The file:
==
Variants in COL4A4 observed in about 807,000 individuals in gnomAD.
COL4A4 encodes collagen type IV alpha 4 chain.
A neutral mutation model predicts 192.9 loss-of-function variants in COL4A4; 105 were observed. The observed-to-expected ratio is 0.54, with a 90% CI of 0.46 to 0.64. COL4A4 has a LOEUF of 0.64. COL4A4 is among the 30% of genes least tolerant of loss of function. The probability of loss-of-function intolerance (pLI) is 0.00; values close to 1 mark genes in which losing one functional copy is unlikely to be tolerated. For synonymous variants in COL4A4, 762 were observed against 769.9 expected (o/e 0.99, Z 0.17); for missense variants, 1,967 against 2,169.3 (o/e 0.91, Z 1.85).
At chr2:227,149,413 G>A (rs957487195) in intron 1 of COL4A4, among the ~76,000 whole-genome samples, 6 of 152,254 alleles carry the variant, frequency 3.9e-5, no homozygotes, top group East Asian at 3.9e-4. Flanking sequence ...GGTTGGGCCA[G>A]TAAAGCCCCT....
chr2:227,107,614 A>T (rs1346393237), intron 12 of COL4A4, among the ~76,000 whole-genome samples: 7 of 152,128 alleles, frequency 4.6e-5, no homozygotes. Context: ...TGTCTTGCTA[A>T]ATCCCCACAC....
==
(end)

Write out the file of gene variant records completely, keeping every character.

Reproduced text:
Variants in COL4A4 observed in about 807,000 individuals in gnomAD.
COL4A4 encodes collagen type IV alpha 4 chain.
A neutral mutation model predicts 192.9 loss-of-function variants in COL4A4; 105 were observed. The observed-to-expected ratio is 0.54, with a 90% CI of 0.46 to 0.64. COL4A4 has a LOEUF of 0.64. COL4A4 is among the 30% of genes least tolerant of loss of function. The probability of loss-of-function intolerance (pLI) is 0.00; values close to 1 mark genes in which losing one functional copy is unlikely to be tolerated. For synonymous variants in COL4A4, 762 were observed against 769.9 expected (o/e 0.99, Z 0.17); for missense variants, 1,967 against 2,169.3 (o/e 0.91, Z 1.85).
At chr2:227,149,413 G>A (rs957487195) in intron 1 of COL4A4, among the ~76,000 whole-genome samples, 6 of 152,254 alleles carry the variant, frequency 3.9e-5, no homozygotes, top group East Asian at 3.9e-4. Flanking sequence ...GGTTGGGCCA[G>A]TAAAGCCCCT....
chr2:227,107,614 A>T (rs1346393237), intron 12 of COL4A4, among the ~76,000 whole-genome samples: 7 of 152,128 alleles, frequency 4.6e-5, no homozygotes. Context: ...TGTCTTGCTA[A>T]ATCCCCACAC....